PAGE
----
cot_backtrace(FALSE); // don't blank the screen

#4. Variable dumps and checkpoints

Watches and backtraces are not enough if you want to perform a deeper variable analysis. In this case vardumps and checkpoints will help you.

cot_vardump();

will print complete structure and contents of global variables available for the moment cot_vardump() is called. It is usually a huge HTML page, so you will need Ctrl+F to get the the variable you are interested in.

If you are debugging a function and are interested in variables in the local scope, use COT_VARDUMP_LOCALS macro in this case:

function foo($arg1, $arg2)
{
	global $cfg;
	$my_var = 'test';
	
	eval(COT_VARDUMP_LOCALS);
}

It will print contents of $arg1, $arg2, $cfg and $my_var as the only variables available in its scope.

You might find it more handy to dump variables into log file instead of breaking the script flow. Debuggers use concept of breakpoints for this: you can set breakpoints and run your program step by step, stopping on each breakpoint and analyzing the variables. With PHP alone we can't pause and resume the script whenever we click a button in a text editor, so we use checkpoints instead.

When the checkpoint is met, the script opens the log file and writes where it is now and what the global or local variables contain. You can set several checkpoints, so you can get an extremely detailed image of what your script does during one debug execution.

Let's show you how we use checkpoints when debugging a real Cotonti plugin.

Here I want to see what's wrong with values within a function which syncs user level with his scores. To make it possible, I use COT_CHECKPOINT_LOCAL macro this way:

function qa_sync_scorelvl($user_id = NULL)
{
	global $usr, $qa_levels, $db_users;
	if (is_null($user_id))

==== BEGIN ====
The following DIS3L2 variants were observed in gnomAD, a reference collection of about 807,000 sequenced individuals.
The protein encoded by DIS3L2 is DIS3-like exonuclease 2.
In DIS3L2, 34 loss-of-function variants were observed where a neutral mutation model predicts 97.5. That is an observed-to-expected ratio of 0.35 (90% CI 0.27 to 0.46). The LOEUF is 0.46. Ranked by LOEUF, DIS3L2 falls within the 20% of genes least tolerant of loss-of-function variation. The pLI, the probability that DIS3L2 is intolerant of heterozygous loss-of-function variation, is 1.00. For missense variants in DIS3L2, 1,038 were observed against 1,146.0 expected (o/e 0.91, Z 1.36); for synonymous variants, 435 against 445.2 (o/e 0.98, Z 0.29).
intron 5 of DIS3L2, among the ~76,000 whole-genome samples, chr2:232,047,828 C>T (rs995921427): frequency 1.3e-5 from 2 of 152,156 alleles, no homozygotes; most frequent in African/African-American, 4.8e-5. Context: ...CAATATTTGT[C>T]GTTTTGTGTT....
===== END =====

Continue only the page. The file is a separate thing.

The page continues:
{
		$user_id = $usr['id'];
		$urr['score'] = $usr['score'];
		$urr['scorelvl'] = $usr['scorelvl'];
	}
	else
	{
		$urr = qa_get_score($user_id);
	}
	
	// <DEBUG>
	eval(COT_CHECKPOINT_LOCALS); // dump locals
	// </DEBUG>
	
	if (isset($qa_levels[$urr['scorelvl'] + 1])
		&& $urr['score'] >= $qa_levels[$urr['scorelvl'] + 1]['minscore'])
	{
		// ...
	}
	// ...
	return $urr['scorelvl'];
}

Then I perform some actions in my web browser which lead to this function call and open a log file, where I see something like this:

/home/trustmaster/htdocs/answers/plugins/answers/inc/points.php, 184:
user_id = 2
usr = Array
(
    [id] => 1
... ETC.

    [score] => 4
    [scorelvl] => 6
    [logpoint] => 1241583533
    [isadmin] => 1
    [auth_write] => 1
    [auth_read] => 1
)

qa_levels = Array
(
    [0] => Array
        (
            [name] => None
            [minscore] => -1000
        )

    [1] => Array
        (
            [name] => One
            [minscore] => 0
        )

    [2] => Array
        (
            [name] => Two
            [minscore] => 50
        )
... ETC.
)

db_users = cot_users
urr = Array
(
    [0] => 76
    [1] => 2
)

----------------

I pay attention for urr = Array and see that the indexes are numeric, whereas this function expects associative keys. Then I solve this problem and this function works fine.

Then I need to debug a part of a plugin which acts in global scope. So I use cot_checkpoint() function:

$qa_abuse = ($usr['id'] == 0 || $row['fp_posterid'] == $usr['id'] ? ''
     : cot_rc_link(cot_url('plug', 'e=modcp&m=report&post='.$row['fp_id']), $L['qa_report_abuse'];

// <DEBUG>
cot_checkpoint(); // dump globals
// </DEBUG>

$qa_best = ($qa_question['q_state'] == QA_QUESTION_OPEN && $usr['id'] == $ft_firstposterid) ?
// ...


The log file is quite a big one because each complete dump is about 1 MB (which is by far less than in most website engines though). So I use search in my text editor to find variables I am interested in:

 

#5. Bottom line

Sure these simple functions are not as handy as a dedicated debugger utility (if you know how to use it though). But I'm sure they can make your life easier if you have ever thought of adding something like "echo 'What is wrong here?'" in your code.

And remember that debugging is much more fun than you usually think of it. Just take your machine gun and have some beasts fried tonight!


1. tensh  30. Juli 2009, 05:39

Thanks: 0

Thanks! It will help me much. :)